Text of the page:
Plugging the gender
gap

Deloitte US chairman Sharon Allen joined the Big Four firm’s
predecessor 34 years ago. She speaks to Carolyn
Canham
about the growing opportunities for women in
accounting and also about Deloitte’s strategy for women’s
leadership.

Sharon Allen was elected as chairman of the Deloitte US board of
directors in 2003. She was the first woman on the board, is the
highest-ranking woman in Deloitte’s history and in 2006 was named
as number 64 in Forbes magazine’s list of 100 most
powerful women.

Allen says she is proud of her achievements, but credits much of
her success to the environment Deloitte provided. “A lot of my
accomplishments have come very much because of the environment in
which I find myself and within an organisation that is both
supportive of women within our organisations and supporting of the
development of talent,” Allen says.

“Those two combined focuses have allowed me to succeed within the
organisation. While I’m really very proud of the firsts I have
accomplished within Deloitte and the profession over the years, I
think it’s time to really be focusing more on the next CEO,
managing partner and so on within our organisation and others as
women continue to find their way into very good and appropriate
positions within the profession.”

Encouraging women

Deloitte embarked 15 years ago on its initiative for the
advancement and retention of women. “We did that because we, by
that time, had been hiring about 50 percent women for some period
of time and had expected we would start seeing the same proportion
of women being promoted to partner. That wasn’t happening as out
turnover rate was much higher at that time for women than for men,
so we undertook this initiative and really started to focus on
understanding why,” Allen recalls.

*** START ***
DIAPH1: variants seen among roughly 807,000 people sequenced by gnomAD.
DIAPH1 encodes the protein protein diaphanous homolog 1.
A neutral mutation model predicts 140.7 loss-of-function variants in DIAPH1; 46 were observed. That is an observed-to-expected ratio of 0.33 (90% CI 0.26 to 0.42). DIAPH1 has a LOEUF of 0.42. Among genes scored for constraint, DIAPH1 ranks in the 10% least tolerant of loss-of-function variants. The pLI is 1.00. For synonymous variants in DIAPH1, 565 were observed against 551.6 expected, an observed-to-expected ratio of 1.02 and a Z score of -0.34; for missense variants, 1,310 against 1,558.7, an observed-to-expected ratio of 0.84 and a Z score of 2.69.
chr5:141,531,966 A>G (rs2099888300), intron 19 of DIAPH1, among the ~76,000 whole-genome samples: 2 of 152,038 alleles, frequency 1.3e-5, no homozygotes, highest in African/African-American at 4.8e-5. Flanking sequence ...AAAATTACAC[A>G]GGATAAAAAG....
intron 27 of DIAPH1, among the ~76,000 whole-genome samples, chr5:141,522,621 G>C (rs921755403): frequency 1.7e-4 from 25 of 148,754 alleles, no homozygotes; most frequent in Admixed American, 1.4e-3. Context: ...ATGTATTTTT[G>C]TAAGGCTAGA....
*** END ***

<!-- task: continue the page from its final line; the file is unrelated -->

“[We found that] some were leaving to choose to have a family and
stay home with their children. Many were leaving for more specific
reasons like finding more flexibility that allowed them to balance
career, or places where they could find better mentoring.
Importantly, we also found that women were leaving because they
weren’t given as many opportunities to have the best assignments
because we were worried that they were going to leave, so we had
this crazy cycle.”

Allen says the firm undertook some very specific initiatives and
programmes to try to deal with all of the reasons why women were
leaving at a higher rate. She says the improvements in turnover are
remarkable. “I’m happy to say that today our turnover gap between
men and women, clear up to the partner level, is almost nothing,”
she reveals. “We’re still today challenged to get as many women as
men into the partnership, but we’re approaching the 30 to 35
percent promotion to partner and director, so we’re getting
there.”

Allen says that raising the admission rate for women is linked to
facilitating more balanced lives for men and women.

“I think we are all finding that we need to continue to focus on
ways to help people get through the course of their career with the
acceleration and deceleration times that they need to deal with
their personal lives, and continue to find ways to do that within
the context of still serving our clients and providing the
important work that we do to the capital market system,” she
says.

Allen was recently awarded the US Women’s Leadership Exchange’s
Compass Award in recognition of her service to her profession and
her position as a role model to other female leaders.

Allen and her husband are a two-career family and chose not to have
children. “I think the work environment today, certainly within
Deloitte, while it doesn’t make it easy to have children and
balance all that, it is certainly more accommodating to that today
than it ever was during the course of my career,” she says.

She explains that work/life balance and ethics are important to the
younger generation. She also believes the work that Deloitte has
done on the advancement and retention of women has put the firm in
a good position to address work/life balance for men and women
alike.

In terms of ethics, Allen says efforts the firm has undertaken to
“understand the next generation” have found “they have an interest
in the greater good and the broader understanding of how their
potential employer may be impacting on the world around them, the
environment around them and the business community”.

“I believe that it is really a great time for men and women alike,
but women specifically, to have careers in accounting and in public
accounting specifically. It is, I think, going to continue to
provide tremendous opportunity for people to have an impact on the
capital markets system in a very positive way and as we, as a
profession, take on our role as important components and players in
the capital markets,” Allen concludes.